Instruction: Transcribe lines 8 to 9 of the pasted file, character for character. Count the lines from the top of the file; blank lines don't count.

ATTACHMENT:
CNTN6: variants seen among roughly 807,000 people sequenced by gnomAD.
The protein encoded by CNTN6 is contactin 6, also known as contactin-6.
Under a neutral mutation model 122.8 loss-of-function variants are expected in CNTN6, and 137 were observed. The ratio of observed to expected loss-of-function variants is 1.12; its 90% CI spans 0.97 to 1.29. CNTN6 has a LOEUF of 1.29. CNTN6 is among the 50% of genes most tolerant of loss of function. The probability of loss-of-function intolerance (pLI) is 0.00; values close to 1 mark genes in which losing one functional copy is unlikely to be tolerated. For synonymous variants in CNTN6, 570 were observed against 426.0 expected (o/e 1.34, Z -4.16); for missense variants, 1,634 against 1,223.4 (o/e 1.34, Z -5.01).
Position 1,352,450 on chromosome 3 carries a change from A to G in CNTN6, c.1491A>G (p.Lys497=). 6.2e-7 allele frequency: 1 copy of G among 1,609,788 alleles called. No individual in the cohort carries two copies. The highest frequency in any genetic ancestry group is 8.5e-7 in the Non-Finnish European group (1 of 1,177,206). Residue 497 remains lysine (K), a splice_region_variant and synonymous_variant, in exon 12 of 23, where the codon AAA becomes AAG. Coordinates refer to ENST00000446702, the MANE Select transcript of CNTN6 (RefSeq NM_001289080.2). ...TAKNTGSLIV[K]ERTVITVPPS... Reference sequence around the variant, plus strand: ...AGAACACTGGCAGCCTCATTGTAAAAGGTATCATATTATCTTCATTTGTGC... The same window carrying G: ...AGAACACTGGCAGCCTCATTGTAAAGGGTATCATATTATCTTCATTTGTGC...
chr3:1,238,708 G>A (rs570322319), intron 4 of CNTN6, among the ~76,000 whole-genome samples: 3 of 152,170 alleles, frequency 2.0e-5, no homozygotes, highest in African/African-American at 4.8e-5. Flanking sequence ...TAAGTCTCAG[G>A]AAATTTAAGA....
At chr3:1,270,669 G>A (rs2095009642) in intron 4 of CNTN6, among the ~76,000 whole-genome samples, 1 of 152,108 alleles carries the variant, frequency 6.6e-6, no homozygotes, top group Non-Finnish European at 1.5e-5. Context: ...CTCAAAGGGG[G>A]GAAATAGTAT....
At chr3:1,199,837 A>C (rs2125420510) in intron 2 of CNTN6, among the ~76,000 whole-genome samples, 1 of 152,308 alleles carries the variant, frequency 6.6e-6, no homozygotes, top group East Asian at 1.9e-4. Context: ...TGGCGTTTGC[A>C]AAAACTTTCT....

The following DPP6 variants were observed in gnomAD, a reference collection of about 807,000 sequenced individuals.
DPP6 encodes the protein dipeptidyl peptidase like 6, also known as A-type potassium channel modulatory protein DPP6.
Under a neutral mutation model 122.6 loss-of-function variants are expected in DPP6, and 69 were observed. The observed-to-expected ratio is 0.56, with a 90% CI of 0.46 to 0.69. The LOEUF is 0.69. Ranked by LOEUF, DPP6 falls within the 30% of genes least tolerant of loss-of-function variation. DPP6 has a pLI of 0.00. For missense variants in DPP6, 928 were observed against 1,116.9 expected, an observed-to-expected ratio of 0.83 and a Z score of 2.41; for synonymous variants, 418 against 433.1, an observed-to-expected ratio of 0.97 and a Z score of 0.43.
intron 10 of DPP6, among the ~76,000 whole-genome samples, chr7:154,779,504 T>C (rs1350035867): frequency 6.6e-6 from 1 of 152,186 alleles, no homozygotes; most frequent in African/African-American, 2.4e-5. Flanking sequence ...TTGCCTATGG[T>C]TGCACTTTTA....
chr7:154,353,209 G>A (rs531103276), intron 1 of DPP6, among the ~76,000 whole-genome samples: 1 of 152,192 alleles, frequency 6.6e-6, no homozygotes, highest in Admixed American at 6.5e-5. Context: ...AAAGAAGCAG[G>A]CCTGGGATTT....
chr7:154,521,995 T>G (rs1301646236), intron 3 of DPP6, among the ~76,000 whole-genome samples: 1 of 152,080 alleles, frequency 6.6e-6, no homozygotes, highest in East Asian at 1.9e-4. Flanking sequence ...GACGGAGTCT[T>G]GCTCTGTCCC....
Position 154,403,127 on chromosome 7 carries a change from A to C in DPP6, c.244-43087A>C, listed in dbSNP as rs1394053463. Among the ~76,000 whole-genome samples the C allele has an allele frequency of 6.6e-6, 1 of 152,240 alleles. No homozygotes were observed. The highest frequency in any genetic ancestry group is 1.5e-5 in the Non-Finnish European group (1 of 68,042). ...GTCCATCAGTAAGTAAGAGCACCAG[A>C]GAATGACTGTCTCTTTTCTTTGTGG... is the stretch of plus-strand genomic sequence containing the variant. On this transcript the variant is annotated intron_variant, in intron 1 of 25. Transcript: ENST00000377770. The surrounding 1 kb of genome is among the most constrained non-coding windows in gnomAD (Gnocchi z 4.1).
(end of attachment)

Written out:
The following DPP6 variants were observed in gnomAD, a reference collection of about 807,000 sequenced individuals.
DPP6 encodes the protein dipeptidyl peptidase like 6, also known as A-type potassium channel modulatory protein DPP6.